By using cardiac magnetic resonance imaging, researchers were able to look at changes in patients' hearts and see the disease process before and after treatment. Adverse changes in left ventricular remodeling and function, in addition to the worsening of fibrosis, were used as surrogates for poor outcomes after heart attack. Patients taking the omega-3 fatty acids were 39 percent less likely to show a deterioration of heart function as compared to patients taking a placebo. The analysis also looked at key markers of systemic inflammation, which were also more likely to be improved in those taking the fish oil. In particular, the percent reduction in ST2, a marker of the severity of adverse cardiac remodeling and tissue fibrosis, was substantially greater in the treatment arm after six months.
"Omega-3 fatty acids may have anti-inflammatory effects and also promote better cardiac healing," Kwong said. "This is important because other anti-inflammatory agents, including steroids and NSAIDS, have failed to make a difference after myocardial infarction."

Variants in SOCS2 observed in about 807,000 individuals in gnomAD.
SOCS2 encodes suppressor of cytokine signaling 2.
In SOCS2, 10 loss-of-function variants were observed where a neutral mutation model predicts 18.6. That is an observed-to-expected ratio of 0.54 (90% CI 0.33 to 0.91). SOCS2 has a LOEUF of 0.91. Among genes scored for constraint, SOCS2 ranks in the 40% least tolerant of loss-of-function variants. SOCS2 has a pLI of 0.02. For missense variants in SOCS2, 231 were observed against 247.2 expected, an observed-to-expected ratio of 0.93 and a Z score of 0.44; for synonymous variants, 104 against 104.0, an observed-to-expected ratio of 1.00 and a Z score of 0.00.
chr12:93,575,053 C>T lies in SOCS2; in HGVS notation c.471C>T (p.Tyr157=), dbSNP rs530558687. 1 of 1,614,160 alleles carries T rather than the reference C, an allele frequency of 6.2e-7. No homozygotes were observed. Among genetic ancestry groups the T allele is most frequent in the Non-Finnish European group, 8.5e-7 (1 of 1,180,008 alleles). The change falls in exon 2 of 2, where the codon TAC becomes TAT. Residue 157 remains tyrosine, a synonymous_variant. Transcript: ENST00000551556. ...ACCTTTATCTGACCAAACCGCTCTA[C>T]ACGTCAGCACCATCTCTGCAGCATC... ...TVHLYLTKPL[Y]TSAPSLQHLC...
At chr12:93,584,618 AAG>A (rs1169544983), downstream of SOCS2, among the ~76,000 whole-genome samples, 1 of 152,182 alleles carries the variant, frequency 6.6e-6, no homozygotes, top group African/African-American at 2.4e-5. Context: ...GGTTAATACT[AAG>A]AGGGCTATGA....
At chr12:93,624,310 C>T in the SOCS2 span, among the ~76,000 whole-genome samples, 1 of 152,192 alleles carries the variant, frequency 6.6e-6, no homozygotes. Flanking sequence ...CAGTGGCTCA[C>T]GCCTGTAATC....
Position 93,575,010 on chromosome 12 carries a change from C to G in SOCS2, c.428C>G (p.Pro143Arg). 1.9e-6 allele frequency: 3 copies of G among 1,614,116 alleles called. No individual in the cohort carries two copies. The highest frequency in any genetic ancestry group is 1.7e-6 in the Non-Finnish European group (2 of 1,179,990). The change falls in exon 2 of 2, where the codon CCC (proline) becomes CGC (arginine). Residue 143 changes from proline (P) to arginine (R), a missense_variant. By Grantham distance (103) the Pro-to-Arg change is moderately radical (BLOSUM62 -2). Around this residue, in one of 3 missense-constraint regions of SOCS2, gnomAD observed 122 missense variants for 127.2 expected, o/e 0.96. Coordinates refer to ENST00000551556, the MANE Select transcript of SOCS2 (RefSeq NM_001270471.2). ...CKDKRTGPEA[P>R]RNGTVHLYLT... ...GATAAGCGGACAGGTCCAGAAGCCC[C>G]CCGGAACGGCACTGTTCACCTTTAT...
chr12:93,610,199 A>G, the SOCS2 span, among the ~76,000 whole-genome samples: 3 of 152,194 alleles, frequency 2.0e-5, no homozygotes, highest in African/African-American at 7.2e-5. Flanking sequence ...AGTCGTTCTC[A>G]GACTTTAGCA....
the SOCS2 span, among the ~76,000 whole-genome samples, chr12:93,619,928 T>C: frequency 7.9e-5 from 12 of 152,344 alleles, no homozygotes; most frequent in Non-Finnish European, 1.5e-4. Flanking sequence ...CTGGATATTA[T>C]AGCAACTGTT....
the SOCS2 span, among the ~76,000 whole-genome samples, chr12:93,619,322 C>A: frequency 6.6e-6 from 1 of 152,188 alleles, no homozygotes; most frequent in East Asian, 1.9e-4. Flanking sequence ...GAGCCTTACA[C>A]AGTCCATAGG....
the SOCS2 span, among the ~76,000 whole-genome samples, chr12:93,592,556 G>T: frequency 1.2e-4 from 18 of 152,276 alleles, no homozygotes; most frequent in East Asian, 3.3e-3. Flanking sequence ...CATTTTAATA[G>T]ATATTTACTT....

Patients in the study who had a 5 percent increase in the amount of omega-3 fatty acid in their blood seem to have the best chance of improving heart function.
"If this becomes a useful therapy, it seems a 5 percent increase in the serum level of omega-3 fatty acids correlates with a 10 percent improvement in left ventricular remodeling," he said. In this study, most (92 percent) of patients randomized to fish oil increased omega-3 fatty acid by at least 5 percent, compared with less than half (42 percent) of patients receiving placebo.